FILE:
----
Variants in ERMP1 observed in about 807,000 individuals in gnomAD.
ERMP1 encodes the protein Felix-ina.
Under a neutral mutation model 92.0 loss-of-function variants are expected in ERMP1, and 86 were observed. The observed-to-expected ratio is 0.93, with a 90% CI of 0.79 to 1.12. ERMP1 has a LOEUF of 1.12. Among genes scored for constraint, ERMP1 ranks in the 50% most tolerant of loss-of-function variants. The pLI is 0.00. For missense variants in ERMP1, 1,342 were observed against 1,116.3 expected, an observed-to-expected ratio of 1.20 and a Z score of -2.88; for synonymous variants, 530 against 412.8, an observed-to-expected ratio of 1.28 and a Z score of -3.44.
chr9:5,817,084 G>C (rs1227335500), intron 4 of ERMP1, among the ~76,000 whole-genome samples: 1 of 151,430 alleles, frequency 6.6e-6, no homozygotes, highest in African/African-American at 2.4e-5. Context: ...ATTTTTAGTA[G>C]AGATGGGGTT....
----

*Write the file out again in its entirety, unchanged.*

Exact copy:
Variants in ERMP1 observed in about 807,000 individuals in gnomAD.
ERMP1 encodes the protein Felix-ina.
Under a neutral mutation model 92.0 loss-of-function variants are expected in ERMP1, and 86 were observed. The observed-to-expected ratio is 0.93, with a 90% CI of 0.79 to 1.12. ERMP1 has a LOEUF of 1.12. Among genes scored for constraint, ERMP1 ranks in the 50% most tolerant of loss-of-function variants. The pLI is 0.00. For missense variants in ERMP1, 1,342 were observed against 1,116.3 expected, an observed-to-expected ratio of 1.20 and a Z score of -2.88; for synonymous variants, 530 against 412.8, an observed-to-expected ratio of 1.28 and a Z score of -3.44.
chr9:5,817,084 G>C (rs1227335500), intron 4 of ERMP1, among the ~76,000 whole-genome samples: 1 of 151,430 alleles, frequency 6.6e-6, no homozygotes, highest in African/African-American at 2.4e-5. Context: ...ATTTTTAGTA[G>C]AGATGGGGTT....